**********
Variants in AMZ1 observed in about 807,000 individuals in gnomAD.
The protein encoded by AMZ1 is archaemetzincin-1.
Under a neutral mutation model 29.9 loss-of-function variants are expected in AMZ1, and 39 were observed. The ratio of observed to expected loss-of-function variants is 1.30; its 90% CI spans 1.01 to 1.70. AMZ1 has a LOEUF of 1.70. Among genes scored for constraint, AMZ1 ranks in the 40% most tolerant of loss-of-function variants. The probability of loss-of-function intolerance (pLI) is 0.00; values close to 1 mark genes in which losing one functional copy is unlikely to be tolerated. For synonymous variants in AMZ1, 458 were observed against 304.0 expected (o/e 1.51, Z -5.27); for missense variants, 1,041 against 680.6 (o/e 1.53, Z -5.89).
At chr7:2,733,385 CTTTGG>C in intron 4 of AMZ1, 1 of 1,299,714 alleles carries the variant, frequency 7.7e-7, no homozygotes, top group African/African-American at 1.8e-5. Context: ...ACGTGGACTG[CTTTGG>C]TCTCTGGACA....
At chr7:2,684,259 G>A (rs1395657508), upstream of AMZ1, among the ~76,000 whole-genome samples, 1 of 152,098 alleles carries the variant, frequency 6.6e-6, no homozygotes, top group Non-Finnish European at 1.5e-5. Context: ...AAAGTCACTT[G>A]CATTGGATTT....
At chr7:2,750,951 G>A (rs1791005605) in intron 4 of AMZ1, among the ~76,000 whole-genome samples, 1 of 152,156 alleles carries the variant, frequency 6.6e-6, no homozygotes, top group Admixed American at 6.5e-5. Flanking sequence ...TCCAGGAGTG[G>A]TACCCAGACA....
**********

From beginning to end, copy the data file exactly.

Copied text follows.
Variants in AMZ1 observed in about 807,000 individuals in gnomAD.
The protein encoded by AMZ1 is archaemetzincin-1.
Under a neutral mutation model 29.9 loss-of-function variants are expected in AMZ1, and 39 were observed. The ratio of observed to expected loss-of-function variants is 1.30; its 90% CI spans 1.01 to 1.70. AMZ1 has a LOEUF of 1.70. Among genes scored for constraint, AMZ1 ranks in the 40% most tolerant of loss-of-function variants. The probability of loss-of-function intolerance (pLI) is 0.00; values close to 1 mark genes in which losing one functional copy is unlikely to be tolerated. For synonymous variants in AMZ1, 458 were observed against 304.0 expected (o/e 1.51, Z -5.27); for missense variants, 1,041 against 680.6 (o/e 1.53, Z -5.89).
At chr7:2,733,385 CTTTGG>C in intron 4 of AMZ1, 1 of 1,299,714 alleles carries the variant, frequency 7.7e-7, no homozygotes, top group African/African-American at 1.8e-5. Context: ...ACGTGGACTG[CTTTGG>C]TCTCTGGACA....
At chr7:2,684,259 G>A (rs1395657508), upstream of AMZ1, among the ~76,000 whole-genome samples, 1 of 152,098 alleles carries the variant, frequency 6.6e-6, no homozygotes, top group Non-Finnish European at 1.5e-5. Context: ...AAAGTCACTT[G>A]CATTGGATTT....
At chr7:2,750,951 G>A (rs1791005605) in intron 4 of AMZ1, among the ~76,000 whole-genome samples, 1 of 152,156 alleles carries the variant, frequency 6.6e-6, no homozygotes, top group Admixed American at 6.5e-5. Flanking sequence ...TCCAGGAGTG[G>A]TACCCAGACA....